5 things good parents do that actually hurts self-esteem

and self-esteem activities for kids that actually work!

 

“I can’t do it,” your son says. “I am so stupid!” he mumbles.

 

“I suck at this!” your teenage daughter screams. “I can’t do anything right!”

 

“Why was I even born?” your seven-year-old asks.

We all want our kids to be the best version of themselves. Sometimes we want this so badly, we inadvertently create the opposite. Sometimes we need to take a step back and assess our own behavior. Learn what you should do and what you shouldn't do! Also, explore self-esteem activities for kids that actually works!

 

[Click here to listen to my podcast episode on this topic]

Do you hear your children say these things? It can be alarming and nerve racking to say the least, right?

 

So why do kids feel this way?

 

Part of it is temperament. Kids are born with different personality traits. Some are go-getters, some are stubborn, others are timid and some have low self-esteem. We all come out a bit pre-baked. But the good news is the end product is far from complete.

 

That’s where you come in. What are you going to do with your pre-baked self-loathing child? Your parenting can move your kids past this state or it can reconfirm all your children’s negative views.

 

So how on earth do you help?

 

let’s talk about what helps and what doesn’t:

We all want our kids to be the best version of themselves. Sometimes we want this so badly, we inadvertently create the opposite. Sometimes we need to take a step back and assess our own behavior. Learn what you should do and what you shouldn't do! Also, explore self-esteem activities for kids that actually works!

 

#1) When we do everything for our children, we inadvertently teach them that they are not capable of doing things for themselves.

 

Your child struggles to get his pants on. He turns into a puddle. You do it for him.

Your child is old enough to make her own breakfast, but you wake up early to do it for her.

 

Some of us love our kids so much we’d do anything for them – and we literally do just that. We wait on them hand and foot. We cater to their needs. We are their maid and waitress.

 

Unfortunately, we are doing more damage than we think. When we swoop in and do everything for our children, they will lose the initiative and drive to do most things for themselves.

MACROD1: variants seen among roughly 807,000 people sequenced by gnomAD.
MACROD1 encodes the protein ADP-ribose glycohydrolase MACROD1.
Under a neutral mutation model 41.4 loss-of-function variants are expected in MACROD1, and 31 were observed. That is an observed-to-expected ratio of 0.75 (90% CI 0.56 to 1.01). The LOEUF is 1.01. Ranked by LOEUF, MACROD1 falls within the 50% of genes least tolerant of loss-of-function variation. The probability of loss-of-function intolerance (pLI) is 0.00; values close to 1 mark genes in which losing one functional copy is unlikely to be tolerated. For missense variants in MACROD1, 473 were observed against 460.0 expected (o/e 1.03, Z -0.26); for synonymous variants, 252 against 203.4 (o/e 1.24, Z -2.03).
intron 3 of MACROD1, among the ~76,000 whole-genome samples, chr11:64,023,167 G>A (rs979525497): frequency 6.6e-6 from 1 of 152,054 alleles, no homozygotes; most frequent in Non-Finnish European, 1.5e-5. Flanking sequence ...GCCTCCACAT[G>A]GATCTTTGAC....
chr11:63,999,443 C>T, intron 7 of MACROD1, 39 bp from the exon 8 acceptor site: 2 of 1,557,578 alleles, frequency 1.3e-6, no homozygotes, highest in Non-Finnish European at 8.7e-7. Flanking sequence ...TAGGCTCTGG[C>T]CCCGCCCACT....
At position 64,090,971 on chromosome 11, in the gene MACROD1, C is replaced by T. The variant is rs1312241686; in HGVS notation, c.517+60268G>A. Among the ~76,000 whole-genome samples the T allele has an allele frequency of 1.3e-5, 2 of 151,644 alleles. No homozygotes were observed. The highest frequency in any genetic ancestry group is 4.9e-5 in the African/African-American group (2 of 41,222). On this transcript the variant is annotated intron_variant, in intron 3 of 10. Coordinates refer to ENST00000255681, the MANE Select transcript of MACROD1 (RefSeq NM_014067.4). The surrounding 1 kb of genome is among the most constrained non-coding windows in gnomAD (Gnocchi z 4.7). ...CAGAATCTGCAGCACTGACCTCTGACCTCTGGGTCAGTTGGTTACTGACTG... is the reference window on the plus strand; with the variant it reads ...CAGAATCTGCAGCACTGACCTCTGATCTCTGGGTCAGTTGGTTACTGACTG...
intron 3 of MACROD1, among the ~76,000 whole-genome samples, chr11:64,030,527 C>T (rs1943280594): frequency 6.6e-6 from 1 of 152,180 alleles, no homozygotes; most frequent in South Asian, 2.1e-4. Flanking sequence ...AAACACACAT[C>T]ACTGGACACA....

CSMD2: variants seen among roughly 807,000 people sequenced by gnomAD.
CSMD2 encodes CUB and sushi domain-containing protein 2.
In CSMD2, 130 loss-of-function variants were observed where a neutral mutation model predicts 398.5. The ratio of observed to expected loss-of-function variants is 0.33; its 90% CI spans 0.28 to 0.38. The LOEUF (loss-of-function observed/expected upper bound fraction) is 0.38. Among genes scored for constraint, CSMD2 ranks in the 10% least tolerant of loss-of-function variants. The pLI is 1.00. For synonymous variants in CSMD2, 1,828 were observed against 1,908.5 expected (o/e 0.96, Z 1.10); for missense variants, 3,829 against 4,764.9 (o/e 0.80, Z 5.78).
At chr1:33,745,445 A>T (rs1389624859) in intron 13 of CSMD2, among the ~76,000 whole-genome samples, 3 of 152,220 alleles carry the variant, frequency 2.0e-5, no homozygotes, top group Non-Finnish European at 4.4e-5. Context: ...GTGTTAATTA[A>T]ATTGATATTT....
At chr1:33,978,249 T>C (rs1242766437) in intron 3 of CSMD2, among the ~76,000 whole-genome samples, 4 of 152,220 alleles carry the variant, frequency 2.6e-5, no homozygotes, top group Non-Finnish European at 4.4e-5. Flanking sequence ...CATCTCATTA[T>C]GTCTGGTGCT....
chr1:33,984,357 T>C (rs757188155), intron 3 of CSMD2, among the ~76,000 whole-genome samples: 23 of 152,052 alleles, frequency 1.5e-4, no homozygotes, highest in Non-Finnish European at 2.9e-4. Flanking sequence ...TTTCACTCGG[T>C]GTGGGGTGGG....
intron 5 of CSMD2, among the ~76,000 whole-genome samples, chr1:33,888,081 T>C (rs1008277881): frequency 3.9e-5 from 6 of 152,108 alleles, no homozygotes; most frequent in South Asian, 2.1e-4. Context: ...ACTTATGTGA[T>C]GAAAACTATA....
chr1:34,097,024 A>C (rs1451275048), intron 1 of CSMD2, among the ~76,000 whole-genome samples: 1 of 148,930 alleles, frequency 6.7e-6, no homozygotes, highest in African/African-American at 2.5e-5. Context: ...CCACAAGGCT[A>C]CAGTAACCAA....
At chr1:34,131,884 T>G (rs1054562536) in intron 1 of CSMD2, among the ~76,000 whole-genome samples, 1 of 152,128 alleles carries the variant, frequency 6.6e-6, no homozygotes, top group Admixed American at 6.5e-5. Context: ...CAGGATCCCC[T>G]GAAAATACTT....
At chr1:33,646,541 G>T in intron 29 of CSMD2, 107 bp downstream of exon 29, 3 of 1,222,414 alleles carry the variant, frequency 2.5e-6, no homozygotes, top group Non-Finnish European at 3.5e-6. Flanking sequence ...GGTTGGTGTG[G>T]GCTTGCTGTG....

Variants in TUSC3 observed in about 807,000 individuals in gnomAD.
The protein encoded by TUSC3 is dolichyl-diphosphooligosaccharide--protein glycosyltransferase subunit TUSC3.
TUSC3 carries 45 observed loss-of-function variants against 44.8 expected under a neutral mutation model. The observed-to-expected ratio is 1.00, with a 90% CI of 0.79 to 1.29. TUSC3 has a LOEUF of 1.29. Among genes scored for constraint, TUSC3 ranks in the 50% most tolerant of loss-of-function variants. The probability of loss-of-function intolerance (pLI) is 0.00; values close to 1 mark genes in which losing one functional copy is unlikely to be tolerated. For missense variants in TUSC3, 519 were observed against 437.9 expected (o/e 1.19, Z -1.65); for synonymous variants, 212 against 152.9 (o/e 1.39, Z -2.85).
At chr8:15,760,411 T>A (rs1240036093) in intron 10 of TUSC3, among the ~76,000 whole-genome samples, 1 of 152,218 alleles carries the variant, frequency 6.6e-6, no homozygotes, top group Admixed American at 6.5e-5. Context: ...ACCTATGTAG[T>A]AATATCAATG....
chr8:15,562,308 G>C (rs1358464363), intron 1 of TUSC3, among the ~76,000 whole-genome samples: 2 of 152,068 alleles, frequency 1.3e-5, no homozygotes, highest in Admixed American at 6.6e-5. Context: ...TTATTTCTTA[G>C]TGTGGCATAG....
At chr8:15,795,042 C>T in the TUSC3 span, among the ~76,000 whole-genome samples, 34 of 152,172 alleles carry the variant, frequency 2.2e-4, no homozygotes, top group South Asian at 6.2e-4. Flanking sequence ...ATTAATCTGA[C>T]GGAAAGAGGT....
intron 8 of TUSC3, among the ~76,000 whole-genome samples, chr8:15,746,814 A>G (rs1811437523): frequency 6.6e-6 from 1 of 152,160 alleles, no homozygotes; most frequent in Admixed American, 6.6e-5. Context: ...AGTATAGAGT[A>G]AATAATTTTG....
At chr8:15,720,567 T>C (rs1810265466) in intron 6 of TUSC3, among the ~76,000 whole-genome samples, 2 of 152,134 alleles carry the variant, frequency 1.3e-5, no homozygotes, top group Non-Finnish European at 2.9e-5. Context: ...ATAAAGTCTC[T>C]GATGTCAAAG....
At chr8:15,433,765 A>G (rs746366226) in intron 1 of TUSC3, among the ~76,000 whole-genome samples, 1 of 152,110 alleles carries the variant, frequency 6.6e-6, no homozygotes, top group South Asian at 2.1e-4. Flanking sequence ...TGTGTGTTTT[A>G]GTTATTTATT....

Self-esteem activities for kids:

 

  • If your children need help, always let them complete the last step. This will boost their self-confidence.
  • If your children are capable of doing something independently, but they want you to do it – don’t. Let them know that although it might be hard, you believe in them and their abilities.
  • Give your children more responsibilities each year. Can your children make their own breakfast? Their own lunch? Are they capable of doing some of their own laundry? Let them know that as they get older, they become more capable of doing things for themselves.

 We all want our kids to be the best version of themselves. Sometimes we want this so badly, we inadvertently create the opposite. Sometimes we need to take a step back and assess our own behavior. Learn what you should do and what you shouldn't do! Also, explore self-esteem activities for kids that actually works!

 

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#2) When we rescue our children too often, they never learn how to face life’s bumps.

 

Your child is having an argument with her friend. You call the friend’s mom and sort it out.

Your child has a huge project in science. You spend the day painting the project, while he plays in the backyard.

 

We don’t want to see our kids struggle – and some of us literally don’t. We swoop in and smooth out those wrinkles. We are constantly paving over any bumps in their road.

 

But life is pretty bumpy. Eventually, our kids are going to hit those bumps. After all, we can’t be paving the road ahead when they are in their twenties or thirties.

 

Kids who are constantly rescued can’t handle any bumps. We rob them of any experience that might teach them resilience. When they are not given the opportunity to work through life’s struggles, they lack the confidence and self-esteem to face life’s challenges.

 

Self-esteem activities for kids:

 

  • Avoid jumping in and solving your children’s problems.
  • Help guide your kids to problem solve and come up with their own solutions.
  • Praise your children for working through their own issues.

 

#3) When we praise our children for every minor achievement, they stop believing in our praise altogether.

 

I think praise is great. In fact, I am saddened by this new parenting philosophy that says praise is bad. What a ridiculous notion! But kids in my practice often tell me “of course my parents tell me I’m great. That’s because they’re my parents.”